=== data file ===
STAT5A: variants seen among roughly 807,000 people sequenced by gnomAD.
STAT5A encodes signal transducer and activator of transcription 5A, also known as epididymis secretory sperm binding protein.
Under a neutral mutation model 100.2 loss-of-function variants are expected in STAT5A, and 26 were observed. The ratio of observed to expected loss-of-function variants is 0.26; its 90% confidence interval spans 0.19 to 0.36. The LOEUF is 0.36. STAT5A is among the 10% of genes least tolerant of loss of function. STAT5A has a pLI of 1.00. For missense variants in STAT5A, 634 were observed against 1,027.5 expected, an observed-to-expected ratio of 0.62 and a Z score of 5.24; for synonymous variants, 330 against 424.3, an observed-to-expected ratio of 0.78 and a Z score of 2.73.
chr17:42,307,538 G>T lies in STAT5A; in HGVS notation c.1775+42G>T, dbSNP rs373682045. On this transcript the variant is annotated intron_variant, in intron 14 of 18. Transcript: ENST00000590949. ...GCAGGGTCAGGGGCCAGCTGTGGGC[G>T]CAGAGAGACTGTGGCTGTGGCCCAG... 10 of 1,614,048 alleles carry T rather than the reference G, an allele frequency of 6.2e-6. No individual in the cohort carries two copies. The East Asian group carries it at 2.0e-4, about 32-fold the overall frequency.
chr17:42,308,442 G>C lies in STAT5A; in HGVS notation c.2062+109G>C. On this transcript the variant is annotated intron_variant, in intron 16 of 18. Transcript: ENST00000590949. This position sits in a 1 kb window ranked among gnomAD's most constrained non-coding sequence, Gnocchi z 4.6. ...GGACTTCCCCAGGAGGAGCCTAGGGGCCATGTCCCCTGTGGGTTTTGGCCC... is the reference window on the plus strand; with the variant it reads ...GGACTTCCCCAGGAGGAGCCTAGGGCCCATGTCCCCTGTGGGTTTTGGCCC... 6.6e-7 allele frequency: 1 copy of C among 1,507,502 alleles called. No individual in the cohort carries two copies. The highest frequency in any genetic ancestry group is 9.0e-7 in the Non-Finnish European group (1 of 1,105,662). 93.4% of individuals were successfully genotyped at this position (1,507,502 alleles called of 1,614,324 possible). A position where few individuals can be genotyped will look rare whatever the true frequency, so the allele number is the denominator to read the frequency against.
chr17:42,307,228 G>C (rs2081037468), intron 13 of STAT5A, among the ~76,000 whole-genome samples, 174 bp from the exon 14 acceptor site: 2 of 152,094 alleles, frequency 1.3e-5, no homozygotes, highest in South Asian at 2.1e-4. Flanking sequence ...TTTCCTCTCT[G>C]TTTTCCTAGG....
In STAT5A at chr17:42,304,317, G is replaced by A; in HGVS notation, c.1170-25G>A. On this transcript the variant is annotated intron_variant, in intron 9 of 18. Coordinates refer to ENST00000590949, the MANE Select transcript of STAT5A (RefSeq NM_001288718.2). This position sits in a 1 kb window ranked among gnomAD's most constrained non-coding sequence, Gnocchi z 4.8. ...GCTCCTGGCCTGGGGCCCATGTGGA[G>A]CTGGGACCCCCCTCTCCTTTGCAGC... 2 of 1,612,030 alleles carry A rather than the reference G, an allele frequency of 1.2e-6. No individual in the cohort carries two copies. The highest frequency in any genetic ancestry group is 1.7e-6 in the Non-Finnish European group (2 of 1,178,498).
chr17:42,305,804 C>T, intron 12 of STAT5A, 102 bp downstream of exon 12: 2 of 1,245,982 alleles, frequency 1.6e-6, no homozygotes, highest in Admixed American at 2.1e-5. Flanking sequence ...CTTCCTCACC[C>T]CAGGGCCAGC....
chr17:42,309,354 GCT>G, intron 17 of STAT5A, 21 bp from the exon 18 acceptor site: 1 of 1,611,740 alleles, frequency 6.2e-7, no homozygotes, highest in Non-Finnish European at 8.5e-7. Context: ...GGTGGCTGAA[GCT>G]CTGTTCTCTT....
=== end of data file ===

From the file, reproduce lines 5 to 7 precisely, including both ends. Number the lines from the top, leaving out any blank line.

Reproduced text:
chr17:42,308,442 G>C lies in STAT5A; in HGVS notation c.2062+109G>C. On this transcript the variant is annotated intron_variant, in intron 16 of 18. Transcript: ENST00000590949. This position sits in a 1 kb window ranked among gnomAD's most constrained non-coding sequence, Gnocchi z 4.6. ...GGACTTCCCCAGGAGGAGCCTAGGGGCCATGTCCCCTGTGGGTTTTGGCCC... is the reference window on the plus strand; with the variant it reads ...GGACTTCCCCAGGAGGAGCCTAGGGCCCATGTCCCCTGTGGGTTTTGGCCC... 6.6e-7 allele frequency: 1 copy of C among 1,507,502 alleles called. No individual in the cohort carries two copies. The highest frequency in any genetic ancestry group is 9.0e-7 in the Non-Finnish European group (1 of 1,105,662). 93.4% of individuals were successfully genotyped at this position (1,507,502 alleles called of 1,614,324 possible). A position where few individuals can be genotyped will look rare whatever the true frequency, so the allele number is the denominator to read the frequency against.
chr17:42,307,228 G>C (rs2081037468), intron 13 of STAT5A, among the ~76,000 whole-genome samples, 174 bp from the exon 14 acceptor site: 2 of 152,094 alleles, frequency 1.3e-5, no homozygotes, highest in South Asian at 2.1e-4. Flanking sequence ...TTTCCTCTCT[G>C]TTTTCCTAGG....
In STAT5A at chr17:42,304,317, G is replaced by A; in HGVS notation, c.1170-25G>A. On this transcript the variant is annotated intron_variant, in intron 9 of 18. Coordinates refer to ENST00000590949, the MANE Select transcript of STAT5A (RefSeq NM_001288718.2). This position sits in a 1 kb window ranked among gnomAD's most constrained non-coding sequence, Gnocchi z 4.8. ...GCTCCTGGCCTGGGGCCCATGTGGA[G>A]CTGGGACCCCCCTCTCCTTTGCAGC... 2 of 1,612,030 alleles carry A rather than the reference G, an allele frequency of 1.2e-6. No individual in the cohort carries two copies. The highest frequency in any genetic ancestry group is 1.7e-6 in the Non-Finnish European group (2 of 1,178,498).